Florida Supreme Court Chief Justice Carlos Muniz, Miami Dade County Judge Gordon Murray, Recipient of the Chief Justice Award, Flagler County Judge Melissa Distler, Recipient of the 2023 Amy Karan Award, Brevard County Judge David Silverman, Recipient of the Harvey Ford Award, Beverly Brown, Executive Director and Recipient of the Non-Judicial Award, Conference President Broward County Judge Ken Gottlieb. Photo courtesy J. Distler.

Education: Today’s Judges, Tomorrow’s Judiciary

Equally as important, the nomination acknowledged Distler’s strong support of education.

“I’m very involved in judicial education on multiple, pretty much every level you can be. I participate as an instructor and a track leader for Florida Judicial College, which occurs in January and March. I’m an instructor at the Traffic Adjudication Lab, which is specific, mostly dealing with DUI and traffic offenses. I’m the associate dean of the Advanced Judicial College, and I’ve also been very involved with education at the Conference levels,” explained Distler.

“I like being busy and I like serving. I really enjoy judicial education. That’s some of the most rewarding work that I do, meeting new judges and helping them understand their role, and be the best that they can, at it,” she said.

“When one of us looks bad, we all look bad. My role in that capacity is to give them as much knowledge as I can because I want them to do the best job that they can. It’s very rewarding to me.”

It’s not just the current judges reaping the benefits of Distler’s experience and support.

As the recent Chair of the Law Related Education Committee Distler worked with the appellate section of the Florida Bar to reinstate the statewide Moot Court Competition for high school students.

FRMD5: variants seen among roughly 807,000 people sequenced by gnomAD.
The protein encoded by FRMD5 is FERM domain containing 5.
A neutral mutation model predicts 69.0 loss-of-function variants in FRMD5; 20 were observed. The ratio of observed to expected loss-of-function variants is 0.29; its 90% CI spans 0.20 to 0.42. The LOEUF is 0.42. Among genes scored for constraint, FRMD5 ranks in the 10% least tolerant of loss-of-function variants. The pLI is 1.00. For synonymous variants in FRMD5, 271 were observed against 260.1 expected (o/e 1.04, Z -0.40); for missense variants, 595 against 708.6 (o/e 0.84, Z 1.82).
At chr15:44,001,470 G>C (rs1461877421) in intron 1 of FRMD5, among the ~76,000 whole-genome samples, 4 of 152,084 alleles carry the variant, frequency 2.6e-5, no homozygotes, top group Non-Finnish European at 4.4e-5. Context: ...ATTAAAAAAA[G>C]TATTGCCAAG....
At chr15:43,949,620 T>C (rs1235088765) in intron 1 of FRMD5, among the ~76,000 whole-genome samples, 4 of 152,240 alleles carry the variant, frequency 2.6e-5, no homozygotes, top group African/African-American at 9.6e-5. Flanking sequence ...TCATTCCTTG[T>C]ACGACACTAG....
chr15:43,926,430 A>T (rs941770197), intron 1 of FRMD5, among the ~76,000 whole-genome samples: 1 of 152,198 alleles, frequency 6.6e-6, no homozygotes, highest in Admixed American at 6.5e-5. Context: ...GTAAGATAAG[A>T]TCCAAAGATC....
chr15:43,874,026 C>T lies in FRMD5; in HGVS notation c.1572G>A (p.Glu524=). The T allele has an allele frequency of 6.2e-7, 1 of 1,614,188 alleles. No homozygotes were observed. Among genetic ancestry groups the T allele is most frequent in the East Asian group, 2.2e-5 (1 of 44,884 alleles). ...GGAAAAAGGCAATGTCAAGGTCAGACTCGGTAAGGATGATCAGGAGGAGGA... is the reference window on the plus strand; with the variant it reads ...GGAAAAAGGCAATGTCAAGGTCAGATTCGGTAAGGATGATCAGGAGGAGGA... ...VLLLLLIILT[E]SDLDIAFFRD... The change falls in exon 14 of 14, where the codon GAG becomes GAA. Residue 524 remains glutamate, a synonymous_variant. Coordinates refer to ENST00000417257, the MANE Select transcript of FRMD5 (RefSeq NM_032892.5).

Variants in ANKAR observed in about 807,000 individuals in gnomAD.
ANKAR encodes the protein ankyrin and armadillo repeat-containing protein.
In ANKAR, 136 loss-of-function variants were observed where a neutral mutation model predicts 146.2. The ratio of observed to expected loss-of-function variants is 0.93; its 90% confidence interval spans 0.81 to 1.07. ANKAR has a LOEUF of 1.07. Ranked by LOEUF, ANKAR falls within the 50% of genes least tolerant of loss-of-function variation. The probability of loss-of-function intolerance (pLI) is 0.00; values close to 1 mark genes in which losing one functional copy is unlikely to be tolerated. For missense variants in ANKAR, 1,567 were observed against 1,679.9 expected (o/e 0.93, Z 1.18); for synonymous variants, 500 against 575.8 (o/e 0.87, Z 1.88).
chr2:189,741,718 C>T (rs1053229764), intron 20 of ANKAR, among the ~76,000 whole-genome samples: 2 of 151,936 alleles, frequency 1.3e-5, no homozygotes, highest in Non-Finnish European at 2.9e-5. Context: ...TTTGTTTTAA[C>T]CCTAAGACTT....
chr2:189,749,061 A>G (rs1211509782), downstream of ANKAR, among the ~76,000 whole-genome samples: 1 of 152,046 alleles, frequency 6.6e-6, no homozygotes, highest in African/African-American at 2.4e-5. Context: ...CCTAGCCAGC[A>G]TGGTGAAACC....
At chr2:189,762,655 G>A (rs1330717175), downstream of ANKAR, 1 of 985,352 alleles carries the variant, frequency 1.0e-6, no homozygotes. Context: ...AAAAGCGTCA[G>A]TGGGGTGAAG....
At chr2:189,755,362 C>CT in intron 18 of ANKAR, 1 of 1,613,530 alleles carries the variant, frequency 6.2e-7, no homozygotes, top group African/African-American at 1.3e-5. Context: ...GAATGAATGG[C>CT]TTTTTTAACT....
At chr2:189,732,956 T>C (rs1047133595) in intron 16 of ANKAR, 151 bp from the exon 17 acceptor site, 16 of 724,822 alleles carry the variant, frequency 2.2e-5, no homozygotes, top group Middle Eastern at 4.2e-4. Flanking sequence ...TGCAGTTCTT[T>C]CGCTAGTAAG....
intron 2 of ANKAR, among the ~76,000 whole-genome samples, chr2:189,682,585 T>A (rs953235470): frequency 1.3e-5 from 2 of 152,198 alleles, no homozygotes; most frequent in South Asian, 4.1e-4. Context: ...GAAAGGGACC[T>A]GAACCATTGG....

“It was previously run by the Florida Law Related Education Association, which actually dissolved right before COVID. When COVID happened, all of those competitions just kind of paused. The Mock Trial Competition has started up again, the year after COVID, through Florida Southern, but the Moot Court Competition had not. I worked with the Appellate Section and we petitioned the (Florida Bar) Board of Governors to reinstate the program. It’s first successful competition was in May of this year,” said Distler.

“The students got to argue in front of the Florida Supreme Court in Tallahassee. So that was super exciting for them. Now that’s back up and running again under the Florida Bar.”

Providing students with access to real working judges and attorneys through the program is a hands-on lesson that can’t be taught in a classroom.

“Programs like that are so fantastic for students because it gives them the opportunity kind of to practice and see what it’s like to be a lawyer. They can decide if it’s something they really want to do. The quality you see with these students, you’re talking students who spend hours, upon hours, upon hours on something that is voluntary. To be selected to be able to argue in front of a district court judge, is still quite an honor, and then the highest teams actually get to argue in front of the Florida Supreme Court,” continued Distler.

“It’s just one of those really memorable and unique experiences that high school students get to participate in. There have been many students who participated in mock trial or moot court who have become lawyers and turn around and want to give back and do that service for students again.”

Distler has worked in the past with the Matanzas High School students at the Law and Justice Academy and sees it as a good experience for all involved.

“Those of us who have been around for a while like seeing young minds interested in the law,” she said.